I'm Faith Lapidus.
And I'm Steve Ember with People in America in VOA Special English.
Today we tell about Bessie Coleman, the first African American woman pilot.
Bessie Coleman was born in Atlanta, Texas, in eighteen ninety-two.
Her mother was African American. Her father was part African American and part
American Indian. Her family was poor. Bessie had to walk more than six
kilometers to go to school. When she was nine years old, her father left the
family to search in Oklahoma for the territory of his Indian ancestors.
In Texas then, as in most areas of the
American South, black people were treated unfairly. They lived separately from
white people and established their own religious, business and social
traditions. Bessie was proud of her race. She learned that from her
hard-working and religious mother.
Bessie had to pick cotton and wash clothes to help earn money for
her family. She was able to save a little money and went to college in the
state of Oklahoma. She was in college only one year. She had to leave because
she did not have enough money to complete her studies. But during that year,
she learned about flying. She read about the first flight of the Wright
Brothers and the first American female pilot, Harriet Quimby. Bessie often
thought about what it would feel like to fly like a bird.
When she was
twenty-three, Bessie Coleman moved to Chicago, Illinois to live with two of her
older brothers. There, she worked at
several jobs. But she wanted to do something more important. She heard stories from pilots who were
returning from World War One. She
decided she was going to learn how to fly airplanes. She soon found this to be almost impossible. What flight school
would admit a black woman?
that apparently there were none in the United States. Bessie learned that she
would have a better chance in Europe. She began to study French at a language
school in Chicago. She also took a higher-paying job supervising a public
eating place so she could save money.
Soon after the end of World War One, Bessie Coleman left for
France. She attended the famous flight school, Ecole d'Aviation des Freres
Caudron, in the town of Le Crotoy in northern France. She learned to fly in a
plane that had two sets of wings, one over the other. She completed seven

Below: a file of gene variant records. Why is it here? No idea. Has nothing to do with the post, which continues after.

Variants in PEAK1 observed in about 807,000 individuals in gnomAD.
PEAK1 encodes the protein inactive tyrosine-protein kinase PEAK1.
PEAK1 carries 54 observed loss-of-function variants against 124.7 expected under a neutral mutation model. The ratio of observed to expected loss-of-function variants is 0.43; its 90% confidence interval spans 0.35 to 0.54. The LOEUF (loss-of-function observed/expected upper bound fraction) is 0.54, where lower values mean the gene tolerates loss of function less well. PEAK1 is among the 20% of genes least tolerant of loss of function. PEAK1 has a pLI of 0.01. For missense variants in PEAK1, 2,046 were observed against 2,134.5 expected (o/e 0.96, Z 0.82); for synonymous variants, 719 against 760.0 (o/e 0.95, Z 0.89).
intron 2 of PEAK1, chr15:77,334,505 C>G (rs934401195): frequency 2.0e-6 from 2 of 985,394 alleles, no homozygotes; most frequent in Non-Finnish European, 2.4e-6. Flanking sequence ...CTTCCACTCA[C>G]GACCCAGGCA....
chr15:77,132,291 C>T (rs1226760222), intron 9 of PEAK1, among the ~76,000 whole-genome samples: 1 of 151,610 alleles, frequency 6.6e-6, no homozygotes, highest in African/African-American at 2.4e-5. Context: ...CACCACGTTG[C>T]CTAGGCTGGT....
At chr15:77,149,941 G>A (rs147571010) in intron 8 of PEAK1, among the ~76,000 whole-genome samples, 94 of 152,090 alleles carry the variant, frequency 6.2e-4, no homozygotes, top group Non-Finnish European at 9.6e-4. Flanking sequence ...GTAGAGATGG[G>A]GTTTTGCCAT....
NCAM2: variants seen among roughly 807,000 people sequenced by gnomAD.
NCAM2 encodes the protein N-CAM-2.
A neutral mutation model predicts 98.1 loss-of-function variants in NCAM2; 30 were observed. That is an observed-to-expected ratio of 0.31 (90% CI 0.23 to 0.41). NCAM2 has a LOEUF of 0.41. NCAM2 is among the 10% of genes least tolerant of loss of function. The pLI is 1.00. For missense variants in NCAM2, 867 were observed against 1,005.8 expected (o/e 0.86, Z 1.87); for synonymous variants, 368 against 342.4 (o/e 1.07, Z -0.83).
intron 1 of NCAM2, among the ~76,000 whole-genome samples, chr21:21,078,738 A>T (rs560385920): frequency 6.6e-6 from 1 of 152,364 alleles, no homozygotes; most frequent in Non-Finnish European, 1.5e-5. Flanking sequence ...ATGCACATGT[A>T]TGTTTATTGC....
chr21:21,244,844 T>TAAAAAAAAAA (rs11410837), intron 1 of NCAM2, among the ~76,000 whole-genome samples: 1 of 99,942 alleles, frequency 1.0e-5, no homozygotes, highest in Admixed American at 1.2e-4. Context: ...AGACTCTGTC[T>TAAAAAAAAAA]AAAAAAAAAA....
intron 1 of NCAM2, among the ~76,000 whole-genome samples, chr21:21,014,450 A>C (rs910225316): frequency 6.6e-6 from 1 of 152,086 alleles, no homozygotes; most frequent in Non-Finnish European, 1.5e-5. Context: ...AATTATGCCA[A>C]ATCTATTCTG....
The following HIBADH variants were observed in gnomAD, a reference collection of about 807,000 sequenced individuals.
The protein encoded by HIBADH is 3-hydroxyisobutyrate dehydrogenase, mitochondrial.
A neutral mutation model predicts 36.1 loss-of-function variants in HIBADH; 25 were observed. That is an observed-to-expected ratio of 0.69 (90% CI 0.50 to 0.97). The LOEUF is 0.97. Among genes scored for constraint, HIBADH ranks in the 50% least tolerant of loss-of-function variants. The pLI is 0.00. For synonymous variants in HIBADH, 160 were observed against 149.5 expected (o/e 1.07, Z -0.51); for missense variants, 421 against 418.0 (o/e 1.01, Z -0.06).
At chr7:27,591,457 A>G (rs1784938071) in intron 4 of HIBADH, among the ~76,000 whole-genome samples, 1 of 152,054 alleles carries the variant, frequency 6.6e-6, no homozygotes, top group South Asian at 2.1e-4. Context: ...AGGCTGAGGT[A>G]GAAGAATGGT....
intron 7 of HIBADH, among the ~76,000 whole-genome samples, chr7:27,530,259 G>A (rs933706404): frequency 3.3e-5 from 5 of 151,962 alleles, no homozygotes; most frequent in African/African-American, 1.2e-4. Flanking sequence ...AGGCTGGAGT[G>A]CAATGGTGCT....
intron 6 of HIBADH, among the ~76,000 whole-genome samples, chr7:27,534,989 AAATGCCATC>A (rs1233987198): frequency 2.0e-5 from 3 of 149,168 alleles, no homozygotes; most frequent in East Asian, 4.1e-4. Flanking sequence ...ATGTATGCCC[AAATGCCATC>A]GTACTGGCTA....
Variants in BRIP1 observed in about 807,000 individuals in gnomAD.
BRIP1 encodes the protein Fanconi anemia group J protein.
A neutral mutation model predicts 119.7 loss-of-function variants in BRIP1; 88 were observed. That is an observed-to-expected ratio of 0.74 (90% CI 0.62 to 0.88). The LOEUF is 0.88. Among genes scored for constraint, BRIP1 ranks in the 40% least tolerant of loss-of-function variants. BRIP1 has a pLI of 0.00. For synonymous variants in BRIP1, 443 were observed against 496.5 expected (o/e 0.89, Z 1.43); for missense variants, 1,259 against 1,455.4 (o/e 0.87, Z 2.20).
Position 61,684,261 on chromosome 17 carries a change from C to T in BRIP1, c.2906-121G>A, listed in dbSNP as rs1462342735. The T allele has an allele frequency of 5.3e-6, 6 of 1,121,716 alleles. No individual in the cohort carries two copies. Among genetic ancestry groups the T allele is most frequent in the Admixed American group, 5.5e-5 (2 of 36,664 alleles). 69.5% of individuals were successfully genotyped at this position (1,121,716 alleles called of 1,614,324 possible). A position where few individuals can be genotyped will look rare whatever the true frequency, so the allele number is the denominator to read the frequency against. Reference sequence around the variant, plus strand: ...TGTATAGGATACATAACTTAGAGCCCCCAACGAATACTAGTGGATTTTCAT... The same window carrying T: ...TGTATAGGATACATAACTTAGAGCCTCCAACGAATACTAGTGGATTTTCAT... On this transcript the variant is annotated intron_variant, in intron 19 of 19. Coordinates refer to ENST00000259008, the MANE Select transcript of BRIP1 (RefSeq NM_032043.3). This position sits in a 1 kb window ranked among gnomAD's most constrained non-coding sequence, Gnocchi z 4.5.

months of flight training. Coleman earned her international permit to fly in
nineteen twenty-one from the Federation Aeronautique Internationale in France.
She became the first black woman ever to earn an international pilot's license.
Coleman returned to Chicago. She was the only black female pilot
in the United States. So her story became popular in African American
newspapers. She was asked by the Dallas Express newspaper in Texas why she
wanted to fly. She said that women and blacks must have pilots if they are to
keep up with the times. She added: "Do you know you have never lived until
you have flown. "
Coleman soon learned that it was difficult
for anyone to earn enough money as a pilot to live. She knew she would have to
improve her flying skills and learn to do more tricks in the air if she wanted
to succeed. There still was no one willing to teach her in Chicago. So, she
returned to Europe in nineteen twenty-two. She completed about four more months
of flight training with French and German pilots.
Coleman returned to New York where she gave her first public
flying performance in the United States. A large crowd of people gathered to watch her. She rolled the plane. And
she stopped the engine and then started it again just before the plane landed.
The crowd loved her performance. So did
other crowds as she performed in towns and cities across the country.
Bessie Coleman had proved she could fly. Yet
she wanted to do more. She hoped to establish a school for black pilots in the
United States. She knew she needed a plane of her own. She traveled to Los
Angeles, California, where she sought the support of a company that sold tires.
The company helped her buy a Curtiss JN-Four airplane, commonly called a Jenny.
In return, she was to represent the company at public events.